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Thread: Total Geekiness

  1. #976
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    Longtime rider, but new to these forums, and what a great thread! I've learned a lot already Could you guys critique my planned build?

    I'm currently running a TurboCat S25headlight (10W+15W MR11s at 6V) plus the usual assortment of blinkies, LED headlamps, etc., but would like to upgrade to a homebrew system. Having entirely rewired my previous home, I'm quite comfortable working with electrical stuff, though I still definitely want to keep the system as simple as possible while still getting the functionality I'm looking for. After reading the Starlight 78 page, I'm thinking of putting together a 12V system with the following components:

    - 20W MR16 high beam (which would be on most of the time), using the Optronics holders. In a living room test, an el-cheapo GE 20W MR16 (that doesn't seem that well made) noticeably outshines my current 25W system, and I expect the Philips energy saver 20W to be substantially brighter.
    - Two Night-Sun Xenon strobes, amber front and red rear. 12V version, since they go through batteries pretty fast.
    - Luxeon III low beam. Still working on how to make this work, but I have a Princeton Apex headlamp using the same emitter and I'm impressed with the output for situations where I don't need a ton of light.
    - NiMH Battery pack in the 4000-4500 mAh range. Although it would be tempting to over-volt to bump up the output of the high beam, I'm thinking of sticking with 12V because a lot of the12V-ready LED products I've seen look like they wouldn't be able to handle the extra voltage.

    Looks like with everything on, this system should draw just a hair over 2 amps from the battery, for a theoretical burn time of nearly 2 hours, though I realize actual burn time may be a bit less. My evening commute is only an hour, but I've heard NiMH batteries don't like being drained much harder than that, and if I push them harder I might not end up running my lights optimally. So it seems like a good idea to have a little "extra" battery capacity.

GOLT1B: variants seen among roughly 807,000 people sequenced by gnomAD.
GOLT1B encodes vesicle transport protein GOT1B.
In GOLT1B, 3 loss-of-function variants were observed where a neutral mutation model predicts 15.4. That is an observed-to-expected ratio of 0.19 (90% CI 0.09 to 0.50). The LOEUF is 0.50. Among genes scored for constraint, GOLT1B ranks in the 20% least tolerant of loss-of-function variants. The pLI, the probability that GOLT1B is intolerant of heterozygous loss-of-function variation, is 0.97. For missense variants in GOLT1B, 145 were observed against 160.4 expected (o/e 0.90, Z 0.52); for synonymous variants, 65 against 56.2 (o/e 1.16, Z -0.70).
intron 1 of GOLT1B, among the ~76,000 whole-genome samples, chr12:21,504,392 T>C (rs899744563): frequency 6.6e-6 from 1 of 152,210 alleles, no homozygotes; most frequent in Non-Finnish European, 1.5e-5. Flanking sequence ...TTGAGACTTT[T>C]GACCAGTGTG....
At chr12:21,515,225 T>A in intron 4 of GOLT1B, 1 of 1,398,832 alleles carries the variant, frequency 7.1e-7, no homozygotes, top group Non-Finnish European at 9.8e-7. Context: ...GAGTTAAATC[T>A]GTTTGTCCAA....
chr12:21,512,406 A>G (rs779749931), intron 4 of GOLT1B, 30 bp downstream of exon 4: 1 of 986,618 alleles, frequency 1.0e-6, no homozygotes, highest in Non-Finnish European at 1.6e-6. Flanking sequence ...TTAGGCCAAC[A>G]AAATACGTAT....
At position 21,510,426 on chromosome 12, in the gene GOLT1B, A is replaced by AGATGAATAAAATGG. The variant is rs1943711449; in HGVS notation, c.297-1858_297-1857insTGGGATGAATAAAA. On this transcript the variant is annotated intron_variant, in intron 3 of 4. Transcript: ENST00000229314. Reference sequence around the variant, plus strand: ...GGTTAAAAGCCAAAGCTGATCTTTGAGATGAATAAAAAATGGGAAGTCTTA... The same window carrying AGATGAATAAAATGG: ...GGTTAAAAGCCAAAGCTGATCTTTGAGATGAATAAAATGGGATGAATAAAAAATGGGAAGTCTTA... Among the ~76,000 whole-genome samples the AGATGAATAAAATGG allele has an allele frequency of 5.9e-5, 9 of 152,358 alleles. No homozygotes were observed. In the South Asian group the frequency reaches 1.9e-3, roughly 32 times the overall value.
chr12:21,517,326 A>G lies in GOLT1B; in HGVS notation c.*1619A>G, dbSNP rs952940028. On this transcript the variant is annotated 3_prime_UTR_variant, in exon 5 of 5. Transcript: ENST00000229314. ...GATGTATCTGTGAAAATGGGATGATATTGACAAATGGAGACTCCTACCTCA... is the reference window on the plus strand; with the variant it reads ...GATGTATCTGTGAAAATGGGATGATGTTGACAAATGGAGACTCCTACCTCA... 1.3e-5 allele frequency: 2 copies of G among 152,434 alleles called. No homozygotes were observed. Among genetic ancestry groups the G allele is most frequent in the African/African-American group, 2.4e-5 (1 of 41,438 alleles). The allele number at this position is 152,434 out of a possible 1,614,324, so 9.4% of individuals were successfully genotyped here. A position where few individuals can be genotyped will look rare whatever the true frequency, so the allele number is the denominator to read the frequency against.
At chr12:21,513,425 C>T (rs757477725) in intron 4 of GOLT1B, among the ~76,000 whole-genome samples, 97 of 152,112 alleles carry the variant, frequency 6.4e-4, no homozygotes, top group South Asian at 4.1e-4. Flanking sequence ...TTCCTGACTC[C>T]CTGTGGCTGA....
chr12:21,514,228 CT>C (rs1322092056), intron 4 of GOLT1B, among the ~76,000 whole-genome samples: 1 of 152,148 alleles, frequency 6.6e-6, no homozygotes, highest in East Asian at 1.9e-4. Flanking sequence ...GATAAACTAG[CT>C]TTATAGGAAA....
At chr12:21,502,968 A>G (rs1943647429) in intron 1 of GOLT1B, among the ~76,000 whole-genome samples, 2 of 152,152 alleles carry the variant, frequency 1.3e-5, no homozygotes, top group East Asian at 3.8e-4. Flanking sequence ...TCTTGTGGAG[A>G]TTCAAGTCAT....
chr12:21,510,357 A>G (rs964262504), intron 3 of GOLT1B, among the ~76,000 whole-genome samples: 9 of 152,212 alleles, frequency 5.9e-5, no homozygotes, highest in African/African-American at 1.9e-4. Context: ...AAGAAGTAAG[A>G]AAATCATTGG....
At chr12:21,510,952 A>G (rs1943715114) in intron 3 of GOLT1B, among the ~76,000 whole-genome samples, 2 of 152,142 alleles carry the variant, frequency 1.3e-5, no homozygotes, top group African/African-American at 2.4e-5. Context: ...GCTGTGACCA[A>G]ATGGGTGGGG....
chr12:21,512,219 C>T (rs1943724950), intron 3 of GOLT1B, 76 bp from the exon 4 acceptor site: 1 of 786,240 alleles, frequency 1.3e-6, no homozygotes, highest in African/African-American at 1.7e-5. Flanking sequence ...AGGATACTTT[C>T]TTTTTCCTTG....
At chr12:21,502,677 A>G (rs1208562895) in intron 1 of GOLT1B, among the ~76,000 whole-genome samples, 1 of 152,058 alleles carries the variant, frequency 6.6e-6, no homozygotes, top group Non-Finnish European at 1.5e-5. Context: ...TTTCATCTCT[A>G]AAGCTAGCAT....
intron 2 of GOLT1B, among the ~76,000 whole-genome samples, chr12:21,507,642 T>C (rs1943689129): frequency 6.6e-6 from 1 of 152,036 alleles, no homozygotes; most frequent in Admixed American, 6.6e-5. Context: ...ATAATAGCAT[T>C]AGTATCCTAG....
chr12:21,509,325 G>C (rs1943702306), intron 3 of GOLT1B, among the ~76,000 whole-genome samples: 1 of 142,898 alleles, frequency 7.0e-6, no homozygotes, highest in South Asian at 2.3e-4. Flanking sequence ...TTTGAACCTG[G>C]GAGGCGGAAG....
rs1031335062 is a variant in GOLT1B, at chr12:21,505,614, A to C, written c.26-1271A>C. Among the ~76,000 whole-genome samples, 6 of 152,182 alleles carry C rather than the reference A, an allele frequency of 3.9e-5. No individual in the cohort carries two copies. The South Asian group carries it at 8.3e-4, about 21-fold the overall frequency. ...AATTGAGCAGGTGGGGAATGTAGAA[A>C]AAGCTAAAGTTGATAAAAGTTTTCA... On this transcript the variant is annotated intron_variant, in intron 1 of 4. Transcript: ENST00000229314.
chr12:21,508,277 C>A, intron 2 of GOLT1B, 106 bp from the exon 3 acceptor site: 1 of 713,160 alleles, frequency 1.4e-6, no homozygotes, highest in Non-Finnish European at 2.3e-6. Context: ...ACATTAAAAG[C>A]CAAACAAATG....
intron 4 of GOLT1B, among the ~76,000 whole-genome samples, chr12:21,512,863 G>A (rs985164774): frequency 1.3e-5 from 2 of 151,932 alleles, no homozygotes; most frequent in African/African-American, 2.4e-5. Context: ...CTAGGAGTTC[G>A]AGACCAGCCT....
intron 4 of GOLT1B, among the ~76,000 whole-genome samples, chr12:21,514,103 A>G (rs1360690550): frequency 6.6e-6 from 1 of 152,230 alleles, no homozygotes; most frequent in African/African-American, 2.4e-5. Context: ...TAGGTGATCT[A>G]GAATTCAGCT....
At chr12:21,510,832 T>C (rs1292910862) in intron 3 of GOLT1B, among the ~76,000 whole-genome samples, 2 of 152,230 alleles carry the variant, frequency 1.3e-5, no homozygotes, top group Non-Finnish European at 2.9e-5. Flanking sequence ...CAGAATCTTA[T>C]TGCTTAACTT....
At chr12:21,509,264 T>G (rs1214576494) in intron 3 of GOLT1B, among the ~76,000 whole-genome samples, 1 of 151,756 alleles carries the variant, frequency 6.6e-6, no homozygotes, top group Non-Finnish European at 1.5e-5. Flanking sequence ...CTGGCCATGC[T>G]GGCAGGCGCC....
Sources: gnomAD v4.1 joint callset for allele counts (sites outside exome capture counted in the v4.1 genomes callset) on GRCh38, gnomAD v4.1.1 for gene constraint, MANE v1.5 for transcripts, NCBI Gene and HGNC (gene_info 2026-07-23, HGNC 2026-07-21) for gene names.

Also, here's an interesting question. After reading about people hooking up horns, cellphone chargers and other 12V car-like accessories to their light batteries, I got to thinking about cars' electrical systems, which hook the negative terminal of the battery to the frame, requiring only 1 wire to be run to each (grounded) component.

    So why not do the same thing on a bike? It would be really elegant to run a single wire to each component, with each item's other pole firmly grounded to the bike frame. Anyone tried this? Since my front lights would be attached to the handlebar, I'd be running about 2A of current through my expensive King headset. Would that damage it? Or would I be risking accelerated corrosion by running current through my (steel) frame?

    Thoughts?

    - Dan
    Last edited by GlowBoy; 12-04-05 at 12:39 AM.
    I like bike lanes. I also practice VC when I'm not in them.

  2. #977
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    I have been using my frame as ground for over 6 months and it seems to work fine. I really like the simplicity of just running the positive lead where you need it. After having a over-complicated setup last year, I have moved to the other end and tried to make mine as simple as possible. My power switch is located on my underseat bag which holds my battery, so I only have one wire running to my front light and one to my rear light setup. So far, it has not let me down. I have an aluminum frame, steel fork, aluminum seatpost and rear rack, and the ground seems to work fine through all of these components.
    "Bad facts make bad laws." FZ